# Fourier transform of a function

I am tasked with finding the fourier transform of: $$f(t)=\frac{1}{1+jt}$$ where $j=\sqrt{-1}$

The fourier transform is given by: $$\int_{-\infty}^{\infty} \frac{e^{-j\omega t}}{1+jt}\,dt$$ substituting $1+jt=x \Rightarrow dt=dx/j$, I get: $$\frac{e^{\omega}}{j}\int_{1-j\infty}^{1+j\infty} \frac{e^{-\omega x}}{x}\,dx$$ I am stumped here. I think above can be solved using complex analysis but I am not sure about which counter to use.

Please avoid the use of duality property because I am more interested in solving this problem from the definition of fourier transform.

Any help is appreciated. Thanks!

• u can apply jordans lemma and integrate around a bic semicircle closed in the uhp or lhp depending on the sign of $\omega$ – tired Oct 24 '15 at 16:09
• @tired: if you don't mind, can you please provide a complete solution? I am a bit rusty on my complex analysis skills as its been months I used those tools. Thanks! :) – Pranav Arora Oct 24 '15 at 16:10
• i have no time at the moment, but have a look at example 2 here: en.wikipedia.org/wiki/Methods_of_contour_integration to get an idea what i mean. if more help is needed, i can offer it tomorrow, – tired Oct 24 '15 at 16:19
• Do you still need help? – tired Oct 24 '15 at 20:55

Here comes the standard solution for calculating this integral. However, I suggest to have a look at Jordan's lemma, since what is below will merely be a proof of that in our specific case.

I suggest that you use the following contour for $\omega<0$:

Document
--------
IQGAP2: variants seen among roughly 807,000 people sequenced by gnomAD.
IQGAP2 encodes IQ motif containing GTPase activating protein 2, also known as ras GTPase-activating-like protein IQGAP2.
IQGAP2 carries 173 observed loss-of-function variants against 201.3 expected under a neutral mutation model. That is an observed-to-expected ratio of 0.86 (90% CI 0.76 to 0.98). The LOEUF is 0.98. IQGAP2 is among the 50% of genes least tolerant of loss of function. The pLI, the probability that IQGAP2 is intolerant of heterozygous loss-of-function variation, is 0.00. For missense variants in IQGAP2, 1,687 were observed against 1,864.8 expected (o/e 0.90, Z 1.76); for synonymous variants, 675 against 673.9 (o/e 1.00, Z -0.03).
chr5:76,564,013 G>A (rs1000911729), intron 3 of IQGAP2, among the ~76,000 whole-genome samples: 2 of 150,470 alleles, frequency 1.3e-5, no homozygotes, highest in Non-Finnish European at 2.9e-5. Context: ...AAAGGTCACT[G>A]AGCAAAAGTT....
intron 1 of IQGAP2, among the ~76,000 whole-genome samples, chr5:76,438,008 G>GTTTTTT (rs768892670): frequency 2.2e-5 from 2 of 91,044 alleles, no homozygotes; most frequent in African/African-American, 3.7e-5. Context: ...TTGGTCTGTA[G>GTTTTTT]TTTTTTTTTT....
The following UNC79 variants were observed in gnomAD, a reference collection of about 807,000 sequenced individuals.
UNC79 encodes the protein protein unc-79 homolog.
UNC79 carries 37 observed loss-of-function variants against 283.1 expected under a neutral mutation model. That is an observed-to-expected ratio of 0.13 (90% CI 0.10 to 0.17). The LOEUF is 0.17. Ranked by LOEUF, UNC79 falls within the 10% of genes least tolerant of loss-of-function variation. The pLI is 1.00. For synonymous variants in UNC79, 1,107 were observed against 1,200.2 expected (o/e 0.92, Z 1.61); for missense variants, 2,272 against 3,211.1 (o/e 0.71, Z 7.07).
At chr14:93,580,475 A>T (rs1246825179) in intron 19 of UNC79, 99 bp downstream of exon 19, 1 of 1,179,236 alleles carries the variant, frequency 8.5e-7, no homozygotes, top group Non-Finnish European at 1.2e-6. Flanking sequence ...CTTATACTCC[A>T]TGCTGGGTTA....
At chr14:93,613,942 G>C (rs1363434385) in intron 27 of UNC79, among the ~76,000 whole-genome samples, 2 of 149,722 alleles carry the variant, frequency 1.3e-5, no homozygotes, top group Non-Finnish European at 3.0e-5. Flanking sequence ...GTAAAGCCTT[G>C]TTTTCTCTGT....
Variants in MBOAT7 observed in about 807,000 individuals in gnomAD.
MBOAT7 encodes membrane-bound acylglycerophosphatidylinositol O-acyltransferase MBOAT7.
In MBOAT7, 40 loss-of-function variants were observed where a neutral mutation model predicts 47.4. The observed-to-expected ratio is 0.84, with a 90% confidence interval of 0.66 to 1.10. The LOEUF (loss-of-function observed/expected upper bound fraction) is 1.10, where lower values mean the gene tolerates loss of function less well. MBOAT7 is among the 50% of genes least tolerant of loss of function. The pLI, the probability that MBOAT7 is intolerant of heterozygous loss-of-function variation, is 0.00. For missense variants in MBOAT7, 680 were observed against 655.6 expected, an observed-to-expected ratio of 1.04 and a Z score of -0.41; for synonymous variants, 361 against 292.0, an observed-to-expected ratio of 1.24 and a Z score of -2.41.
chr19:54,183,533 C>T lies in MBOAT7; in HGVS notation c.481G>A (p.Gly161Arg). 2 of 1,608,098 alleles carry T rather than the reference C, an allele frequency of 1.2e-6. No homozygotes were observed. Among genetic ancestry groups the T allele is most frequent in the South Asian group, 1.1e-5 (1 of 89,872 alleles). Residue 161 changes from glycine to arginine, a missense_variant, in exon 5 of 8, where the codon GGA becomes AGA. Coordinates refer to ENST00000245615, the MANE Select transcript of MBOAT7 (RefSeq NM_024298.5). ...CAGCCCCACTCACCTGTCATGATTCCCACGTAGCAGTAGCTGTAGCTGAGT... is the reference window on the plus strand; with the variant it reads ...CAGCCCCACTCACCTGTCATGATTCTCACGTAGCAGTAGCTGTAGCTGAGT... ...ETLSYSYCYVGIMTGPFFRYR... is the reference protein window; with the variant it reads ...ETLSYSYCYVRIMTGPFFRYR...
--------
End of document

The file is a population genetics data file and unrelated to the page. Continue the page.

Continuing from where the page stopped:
and the similar one in the lower half plane for $\omega>0$.

Let me hint on the calculation for $\omega<0$. The one for $\omega>0$ is similar, but simpler since, there is no pole. By the Residue theorem, you have $$\int_{-R}^R\frac{e^{-i\omega t}}{1+it}\,dt+\int_{\gamma_R}\frac{e^{-i\omega t}}{1+it}\,dt=2\pi i \,\text{Res}\,\Bigl(\frac{e^{-i\omega t}}{1+it},i\Bigr)$$ As $R\to+\infty$, the first integral converges to what we want. The residue is easy to calculate, and I leave that to you. Let us concentrate on showing that the second integral tends to $0$ as $R\to+\infty$.

Parametrize $\gamma_R$ in the figure as $$t=Re^{i\theta},\quad 0<\theta<\pi.$$ Then, since $|1+it|\geq |it|-1=R-1$, $dt=iRe^{i\theta}\,d\theta$, and $$|e^{-i\omega t}|=e^{\omega R\sin\theta},$$ we find that, by the triangle inequality, $$\begin{split} \biggl|\int_{\gamma_R}\frac{e^{-i\omega t}}{1+it}\,dt\biggr|&\leq \frac{R}{R-1}\int_0^{\pi}e^{\omega R\sin\theta}\,d\theta\\ &=\frac{2R}{R-1}\int_0^{\pi/2}e^{\omega R\sin\theta}\,d\theta \end{split}$$ On the interval $0<\theta<\pi/2$, we have $\sin\theta>2\theta/\pi$, so the right-hand side above is bounded by $$\frac{2R}{R-1}\int_0^{\pi/2}e^{\omega R2\theta/\pi}\,d\theta=\frac{\pi}{(R-1)\omega}\bigl(e^{R\omega}-1\bigr).$$ Since $\omega<0$, this expression tends to zero as $R\to+\infty$.

I don't know what you consider OK to use, but I would recommend to write $$\frac{1}{1+jt}=\frac{1}{1+t^2}-jt\frac{1}{1+t^2},$$ And $$\mathcal F\Bigl(\frac{1}{1+t^2}\Bigr)(\omega)=\pi e^{-|\omega|}$$ is probably known (and asked for many times on this site). Moreover, since $$\mathcal F(jt f(t))(\omega)=-\frac{d}{d\omega}\mathcal F(f(t))(\omega)$$ we find that $$\mathcal F\Bigl(jt\frac{1}{1+t^2}\Bigr)(\omega)=-\frac{d}{d\omega}\pi e^{-|\omega|}=\pi e^{-\omega}H(\omega)-\pi e^{\omega}H(-\omega),$$ where $H$ denotes the Heaviside step function. Finally,

$$\mathcal F\Bigl(\frac{1}{1+jt}\Bigr)(\omega)=\pi e^{-|\omega|}-\pi e^{-\omega}H(\omega)+\pi e^{\omega}H(-\omega)=2\pi e^{\omega}H(-\omega).$$

• I know about this way but I would like to see a solution for the integral I end up with. :) – Pranav Arora Oct 24 '15 at 16:25
• OK, I was not sure, and thought this might be the simplest (except the dual) way. – mickep Oct 24 '15 at 16:27

$$\begin{eqnarray*}\int_{-\infty}^{+\infty}\frac{e^{-i\omega t}}{1+it}\,dt &=& \int_{0}^{+\infty}\left(\frac{e^{-i\omega t}}{1+it}+\frac{e^{i\omega t}}{1-it}\right)\,dt\\&=&2\int_{0}^{+\infty}\frac{\cos(\omega t)- t\sin(\omega t)}{1+t^2}\,dt\\&=&\int_{-\infty}^{+\infty}\frac{\cos(\omega t)- t\sin(\omega t)}{1+t^2}\,dt\\&\color{red}{=}&\pi\, e^{-|\omega|}-\pi\,\text{Sign}(\omega)\, e^{-|\omega|}\\&=&2\pi\, e^{\omega}\cdot\mathbb{1}_{\omega\leq 0}.\end{eqnarray*}$$ The critical step $\color{red}{=}$ can be achieved by using the Laplace transform or other techniques.